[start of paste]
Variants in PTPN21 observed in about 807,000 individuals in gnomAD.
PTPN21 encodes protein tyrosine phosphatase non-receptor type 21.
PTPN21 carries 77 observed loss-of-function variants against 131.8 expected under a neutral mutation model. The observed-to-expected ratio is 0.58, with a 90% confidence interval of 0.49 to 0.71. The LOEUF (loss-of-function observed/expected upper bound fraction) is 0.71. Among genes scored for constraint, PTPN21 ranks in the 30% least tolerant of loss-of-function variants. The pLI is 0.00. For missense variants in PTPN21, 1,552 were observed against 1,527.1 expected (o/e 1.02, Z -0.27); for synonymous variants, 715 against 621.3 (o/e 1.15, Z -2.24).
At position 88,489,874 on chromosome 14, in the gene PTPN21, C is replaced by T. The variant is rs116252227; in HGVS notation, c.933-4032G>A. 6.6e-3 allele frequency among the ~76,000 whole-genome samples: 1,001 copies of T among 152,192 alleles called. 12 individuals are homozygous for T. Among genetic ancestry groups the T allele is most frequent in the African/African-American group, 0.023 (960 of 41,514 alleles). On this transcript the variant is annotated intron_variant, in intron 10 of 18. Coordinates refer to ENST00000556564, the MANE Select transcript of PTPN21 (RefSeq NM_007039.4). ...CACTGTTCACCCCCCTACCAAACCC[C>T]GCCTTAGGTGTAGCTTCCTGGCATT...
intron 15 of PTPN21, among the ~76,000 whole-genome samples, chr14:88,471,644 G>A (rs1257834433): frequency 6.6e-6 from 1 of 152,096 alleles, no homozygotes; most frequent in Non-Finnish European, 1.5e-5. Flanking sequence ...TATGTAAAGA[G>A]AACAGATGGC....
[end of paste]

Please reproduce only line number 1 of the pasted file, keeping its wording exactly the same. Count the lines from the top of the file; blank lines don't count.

Variants in PTPN21 observed in about 807,000 individuals in gnomAD.